Despite the requirements put in place for Title IX training among other student leaders, core class peer mentors receive no definitive answer with regard to their place within Title IX and mandatory reporting. Schillinger stated of the college, “They want us to be the bridge between the students and the school or the professor, but how can we be that bridge if we don’t know how we are supposed to handle things students tell us in confidence.”

SMCM Announces Land Acknowledgement

By Angelie Roche

On Aug. 19, 2021, St. Mary’s College of Maryland (SMCM) sent out a message to students announcing its initiation of a new land acknowledgment and pledge in remembrance of the Indigenous and enslaved peoples who were crucial to the history of the college’s land. 

The pledge, which will appear in various places around campus and in faculty syllabi, states “We acknowledge that the land on which we are learning, working and gathering today is the ancestral home of the Yacocomico and Piscataway Peoples. We also acknowledge that St. Mary’s City was partly built and sustained by enslaved people of African descent. Through this acknowledgment, we recognize these communities and all those who have been displaced and enslaved through colonization.”

According to Professor Julie King of the anthropology department, this encompasses much of St. Mary’s history which was ignored or forgotten in years past. When English colonizers arrived here, she said, the land was already occupied by several Indigenous groups: the Piscataway in Prince George’s County, the Yacocomico in St. Mary’s City, and the Wicomico in northern Virginia. Each community had a rich and complex history long before European settlement in the 17th century. 

While there have been acknowledgements to Indigenous history in SMCM’s past, the college hopes to continuously recognize and better understand the importance of these groups. One important change this year is the spelling of Yacocomico – as King explained, the college has “ask[ed] Piscataway members, including members who are tribal historians, what they would prefer as the spelling.” 

Enslaved Africans were first brought to Virginia in 1619, and were therefore present in Maryland from the beginning of colonization. King says that the famed Calvert family, who are known for promoting freedom of (Christian) religion, also promoted African slavery in the region. Colonial leaders in Maryland and Virginia also enslaved Indigenous peoples to work on Chesapeake plantations, though little is currently known about this practice. Eventually, much of the labor in and around St. Mary’s was enslaved labor; King states that “On the eve of the American Civil War, more than half the population of St. Mary’s County included enslaved men, women, and children of African descent.”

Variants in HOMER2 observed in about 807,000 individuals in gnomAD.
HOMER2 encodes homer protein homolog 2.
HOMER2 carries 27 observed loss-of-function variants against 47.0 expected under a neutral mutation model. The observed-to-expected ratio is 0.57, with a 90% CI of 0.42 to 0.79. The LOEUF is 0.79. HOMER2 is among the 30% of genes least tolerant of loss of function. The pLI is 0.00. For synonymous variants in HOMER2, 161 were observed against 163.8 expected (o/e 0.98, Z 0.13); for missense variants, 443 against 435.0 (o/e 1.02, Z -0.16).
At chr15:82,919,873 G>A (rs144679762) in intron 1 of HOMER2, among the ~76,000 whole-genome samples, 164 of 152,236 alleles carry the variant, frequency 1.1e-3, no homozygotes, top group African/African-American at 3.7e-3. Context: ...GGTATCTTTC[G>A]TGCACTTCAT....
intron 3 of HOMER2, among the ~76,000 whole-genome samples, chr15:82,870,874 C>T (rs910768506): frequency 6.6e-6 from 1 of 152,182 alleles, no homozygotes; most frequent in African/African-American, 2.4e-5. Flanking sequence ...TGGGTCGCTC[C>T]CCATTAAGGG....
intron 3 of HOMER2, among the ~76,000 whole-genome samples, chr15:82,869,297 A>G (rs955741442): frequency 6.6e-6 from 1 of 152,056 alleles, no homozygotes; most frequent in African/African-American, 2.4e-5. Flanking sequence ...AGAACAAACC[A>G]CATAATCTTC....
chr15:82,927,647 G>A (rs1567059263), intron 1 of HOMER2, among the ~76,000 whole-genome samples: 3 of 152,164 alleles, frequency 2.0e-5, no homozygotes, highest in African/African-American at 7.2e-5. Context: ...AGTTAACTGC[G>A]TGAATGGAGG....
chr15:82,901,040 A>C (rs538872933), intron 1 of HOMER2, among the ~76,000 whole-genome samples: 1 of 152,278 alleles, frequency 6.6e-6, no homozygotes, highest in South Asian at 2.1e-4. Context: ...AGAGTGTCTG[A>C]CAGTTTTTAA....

While this pledge may seem like a simple statement, it holds much meaning and importance to St. Mary’s students as well. King hopes that it will further “raise awareness among students about the rich and complicated history of this special place.” She also points out that, while Maryland is often praised for its promotion of free religion, it must also be recognized as a place that repeatedly “restricted the mobilities and possibilities for Indigenous and African people” by taking advantage of their land, labor, and lives. Maybe, by speaking about this in every class, professors can begin to weave these forgotten parts of history into the minds of their students. 

Some are already eager to do so; just last week, Professor Angela Johnson of the Educational Studies department read the pledge to her Education in America class and told them a bit about what it meant to her. In her words, “We [as teachers] do more than acknowledge this history – we dedicate ourselves to public service because it is the least we can do to make up for it.”

SMCM Reopens to a New “Normal”

By: Angelie Roche

It has now been a year and a half since the COVID-19 pandemic began, and many college students have been itching to “get back to normal.” Others cannot even define what “normal” is, having spent their senior year of high school and/or freshman year of college entirely on Zoom. In light of vaccine availability, St. Mary’s College of Maryland (SMCM) announced in May that the school would return to being entirely in-person; however, masks would still be required indoors. At that point, it seemed as if the end of the pandemic was in sight; many students left for summer break expecting to come back to the St. Mary’s they left behind in March of 2020.

Over the summer, the coronavirus situation changed yet again. Though the vaccine became widely available to the US public, a number of people were hesitant to get it. As vaccine progress slowed, the more contagious delta variant surged. Still, SMCM had a plan – those who were not vaccinated needed an exemption and are now being tested 2 or 3 times a week via a “walk-through” testing window at the Wellness Center. At the beginning of the semester, the COVID-19 Dashboard introduced a “vaccination rate” statistic—since August 30, it has risen from 83% to 95%. This is a statistic that encompasses all faculty, staff and students, and it has been a source of hope for many. 

However, as of Sept. 17, there are five active cases on campus and two isolation beds in use. Anonymous sources told The Point News that at least one of the cases is an unvaccinated person, who is currently using an isolation ward. According to our sources, two of the other cases attended an off-campus concert where no masks were worn, but they are allegedly vaccinated. Last year when restrictions were heightened and the vaccine was not yet available, the highest number of cases SMCM had at one time was 17. Hopefully, we will never reach that number again.